Certain commentators on negotiation in China have attributed great importance to intermediaries. One study of the subject insists that "only a native Chinese speaker can read and explain the moods, intonations, facial expressions and body language Chinese negotiators exhibit during a formal negotiation session".(1) However, if in order to communicate with the Chinese partner an in-house team needs someone to analyse moods, intonations, facial expressions and body language, it is worth considering whether to find a Chinese partner who is easier to deal with. The ultimate success of a project is determined not by signing a contract, but by establishing a successful venture. During the project implementation phase, the intermediary will be brokering other deals and the communication problems between the parties will remain unresolved.
The same commentators cite what they consider to be an example of successful intermediation:
"A vice president of a New York-based software company went to Beijing to negotiate a distribution contract with a Chinese research institute. Having attended meetings arranged by the intermediary - a former senior executive with the institute - the vice president was pleased with the progress during the first two days. But on the third day, the two sides became embroiled in a fruitless debate over intellectual property rights. Feeling they were losing face, the Chinese ended the meeting. That night, the vice president and the China country manager met with the intermediary. The following day, the intermediary called the head of the institute and worked his magic. In the end, both sides agreed that the intellectual property rights were to be jointly owned, and the contract was signed."(2)
This passage sums up the problem with using intermediaries in China: such intermediaries normally convince the unsuspecting foreign party to agree to its Chinese counterpart's wishes. As the intermediary was formerly a senior executive of one party, it was unlikely that he would switch allegiance to the other. An intermediary, especially one with links to the Chinese partner, often grants the latter a significant advantage in negotiations. The intermediary will allow the Chinese side to know what the foreign side is thinking and will normally push for the easiest way to an agreement, which is often to persuade the foreign partner to agree to the Chinese partner's proposal.
The solution was that the US software company agreed to joint ownership of the IP rights with the Chinese distributor. Granting a distributor IP rights may be a questionable step in itself, but in any case it is difficult to see what benefit the intermediary achieved. Even if the Chinese distributor had wanted sole ownership of the software rights, such a concession from the US company would have been highly unlikely.
Consultants with ulterior motives represent a further hazard. In one case, an Austrian company that was interested in manufacturing furniture in China contacted a China-based Austrian entrepreneur. The entrepreneur had a factory in a small, isolated village in northeast China. The company requested a feasibility study on the location of its own facility. To its surprise, the report concluded that the perfect location for the assembly facility was the town in which the entrepreneur's factory was located, despite its poor transport links and distance from raw materials. The consultant had pinpointed a factory on a street near his own factory; moreover, he claimed that that he had secured the local party secretary's valuable support in its use. The consultant was also willing to take a share in the new venture to ensure that it went smoothly. The company established an assembly plant elsewhere and has been in business successfully for several years without the kind of political support that the consultant had offered.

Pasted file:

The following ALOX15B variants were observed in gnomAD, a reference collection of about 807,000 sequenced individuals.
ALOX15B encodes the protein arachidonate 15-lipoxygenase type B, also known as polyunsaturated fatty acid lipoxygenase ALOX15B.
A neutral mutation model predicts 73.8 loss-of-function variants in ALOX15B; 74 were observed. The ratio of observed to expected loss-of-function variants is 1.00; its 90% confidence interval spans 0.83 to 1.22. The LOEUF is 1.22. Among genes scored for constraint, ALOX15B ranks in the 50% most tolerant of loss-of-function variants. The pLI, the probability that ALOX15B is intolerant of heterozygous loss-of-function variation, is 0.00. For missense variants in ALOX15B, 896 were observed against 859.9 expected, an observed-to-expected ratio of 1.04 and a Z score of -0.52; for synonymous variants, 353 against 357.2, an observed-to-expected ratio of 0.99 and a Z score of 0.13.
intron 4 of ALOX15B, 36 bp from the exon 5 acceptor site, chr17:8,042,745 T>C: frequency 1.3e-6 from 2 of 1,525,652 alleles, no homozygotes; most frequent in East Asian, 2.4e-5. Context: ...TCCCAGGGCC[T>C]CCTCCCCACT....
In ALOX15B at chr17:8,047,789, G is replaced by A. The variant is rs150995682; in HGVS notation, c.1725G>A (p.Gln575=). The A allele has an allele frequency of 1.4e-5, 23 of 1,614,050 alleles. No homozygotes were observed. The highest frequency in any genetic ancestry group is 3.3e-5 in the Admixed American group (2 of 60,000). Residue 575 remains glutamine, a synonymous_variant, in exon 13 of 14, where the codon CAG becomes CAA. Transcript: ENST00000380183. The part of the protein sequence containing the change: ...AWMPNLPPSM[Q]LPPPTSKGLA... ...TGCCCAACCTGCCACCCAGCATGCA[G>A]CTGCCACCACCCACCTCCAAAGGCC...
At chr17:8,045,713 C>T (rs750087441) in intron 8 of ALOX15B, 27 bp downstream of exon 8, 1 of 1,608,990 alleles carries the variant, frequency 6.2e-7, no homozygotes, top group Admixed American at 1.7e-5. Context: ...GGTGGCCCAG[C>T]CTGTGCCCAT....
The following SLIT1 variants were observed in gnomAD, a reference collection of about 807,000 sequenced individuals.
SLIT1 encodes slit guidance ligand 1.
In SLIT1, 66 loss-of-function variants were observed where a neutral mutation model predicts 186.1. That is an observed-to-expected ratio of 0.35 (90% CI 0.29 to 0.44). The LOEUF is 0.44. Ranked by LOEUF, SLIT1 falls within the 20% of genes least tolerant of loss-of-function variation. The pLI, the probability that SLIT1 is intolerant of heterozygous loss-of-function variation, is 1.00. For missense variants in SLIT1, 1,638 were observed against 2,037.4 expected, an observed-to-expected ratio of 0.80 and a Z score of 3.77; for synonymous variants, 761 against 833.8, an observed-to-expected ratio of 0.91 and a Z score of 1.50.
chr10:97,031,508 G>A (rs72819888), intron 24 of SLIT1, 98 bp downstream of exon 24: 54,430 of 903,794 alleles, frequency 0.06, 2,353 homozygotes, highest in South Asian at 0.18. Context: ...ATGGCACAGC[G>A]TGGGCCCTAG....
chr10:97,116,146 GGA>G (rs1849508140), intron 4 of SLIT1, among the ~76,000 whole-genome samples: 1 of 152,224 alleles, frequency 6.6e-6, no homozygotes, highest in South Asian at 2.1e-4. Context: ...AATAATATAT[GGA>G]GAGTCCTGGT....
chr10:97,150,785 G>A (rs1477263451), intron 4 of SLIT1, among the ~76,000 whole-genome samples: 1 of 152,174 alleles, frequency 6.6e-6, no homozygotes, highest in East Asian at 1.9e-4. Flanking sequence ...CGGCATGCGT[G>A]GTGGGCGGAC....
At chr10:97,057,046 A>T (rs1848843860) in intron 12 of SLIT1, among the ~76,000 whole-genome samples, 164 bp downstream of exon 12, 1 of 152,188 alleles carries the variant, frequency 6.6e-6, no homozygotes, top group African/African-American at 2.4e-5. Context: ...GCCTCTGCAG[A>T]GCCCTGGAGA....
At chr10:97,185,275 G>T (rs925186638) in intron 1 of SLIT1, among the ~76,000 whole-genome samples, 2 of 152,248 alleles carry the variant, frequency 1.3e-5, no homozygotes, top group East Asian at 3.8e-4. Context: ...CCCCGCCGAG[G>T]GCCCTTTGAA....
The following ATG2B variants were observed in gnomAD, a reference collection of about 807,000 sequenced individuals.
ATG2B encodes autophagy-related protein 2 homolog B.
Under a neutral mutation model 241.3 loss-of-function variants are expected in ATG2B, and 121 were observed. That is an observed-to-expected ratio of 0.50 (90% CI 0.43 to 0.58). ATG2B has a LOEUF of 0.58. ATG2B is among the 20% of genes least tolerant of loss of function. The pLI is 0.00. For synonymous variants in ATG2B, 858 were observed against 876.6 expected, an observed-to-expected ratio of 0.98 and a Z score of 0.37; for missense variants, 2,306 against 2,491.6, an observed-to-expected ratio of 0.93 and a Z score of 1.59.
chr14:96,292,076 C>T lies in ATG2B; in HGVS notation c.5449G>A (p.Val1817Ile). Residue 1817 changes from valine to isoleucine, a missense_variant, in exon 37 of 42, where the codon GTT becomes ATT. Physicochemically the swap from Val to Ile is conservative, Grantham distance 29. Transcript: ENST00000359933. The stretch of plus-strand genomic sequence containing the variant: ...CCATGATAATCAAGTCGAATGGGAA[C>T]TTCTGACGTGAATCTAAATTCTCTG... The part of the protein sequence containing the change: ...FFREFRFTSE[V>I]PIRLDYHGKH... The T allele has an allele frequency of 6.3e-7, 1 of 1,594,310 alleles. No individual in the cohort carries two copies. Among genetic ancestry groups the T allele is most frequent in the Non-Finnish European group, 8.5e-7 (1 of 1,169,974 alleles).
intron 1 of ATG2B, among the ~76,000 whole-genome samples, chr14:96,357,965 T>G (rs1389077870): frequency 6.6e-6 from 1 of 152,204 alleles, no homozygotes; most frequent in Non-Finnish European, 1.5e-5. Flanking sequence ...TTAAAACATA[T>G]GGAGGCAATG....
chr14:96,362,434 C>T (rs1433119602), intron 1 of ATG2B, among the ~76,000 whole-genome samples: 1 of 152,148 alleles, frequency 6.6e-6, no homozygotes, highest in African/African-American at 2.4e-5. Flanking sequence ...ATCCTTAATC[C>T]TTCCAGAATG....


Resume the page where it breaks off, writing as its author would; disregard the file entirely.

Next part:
Many business primers on China rightly emphasise the importance of using independent translators. A translator wields significant influence over negotiations with a Chinese counterpart. Some foreign investors like the idea of an interpreter who takes a negotiator's words and turns them into acceptably polite Chinese wording. For most investors, this is a poor solution. If a direct manner leads to irreparable trouble with a Chinese counterpart, the two parties were probably not destined to do business.
A foreign company negotiating a joint venture is likely to need an independent translator at meetings with the Chinese partner. In many cases, the foreign partner relies on its Chinese manager to fulfil the role, but this arrangements often works badly. The Chinese manager is typically keen to see the transaction proceed and may tend to soften wording or provide explanations that are either unnecessary or incorrect. A manager in this position is rarely able to regard a project's abandonment as being in the company's best interest. However, many investors have found to their cost that it would have been better to abandon a project than to embark on an enterprise in which the partners have been misled in respect of the overall strategy. If the project proceeds, the shareholders often need to have a direct discussion without the presence of local management. Direct confrontation is avoided in China even more than elsewhere. Therefore, if the person translating is part of the problem, this will affect the way in which the Chinese partner seeks to raise its issues.
Accountants are involved in almost every foreign-invested enterprise project and the broad scope of their work in China can be surprising, as they often take a role in:
The 'big four' accountancy firms are well represented in China, with offices in the major cities. Accounting firms normally provide services such as:
Lawyers' services may overlap with those of consultants and accountants. In Chinese M&A deals, lawyers typically:
Business teams must manage lawyers properly within a deal. Many lawyers wish to restrict themselves to providing narrow, purely legal advice. However, in transactions in China much of the lawyer's value comes from experience gained in other transactions. In addition to legal advice, the lawyer should be prepared to provide the client with an independent and contextualised assessment of the transaction risks.
Assembling a transaction team is a key factor in completing a successful project. If the in-house team has high-level support from within its company, it has a far greater chance of success and the project will proceed more quickly.
In most cases, an in-house team needs external support. Selecting and managing external consultants is crucial. Ideally, the external team should provide practical insights on how best to overcome issues and minimise risk.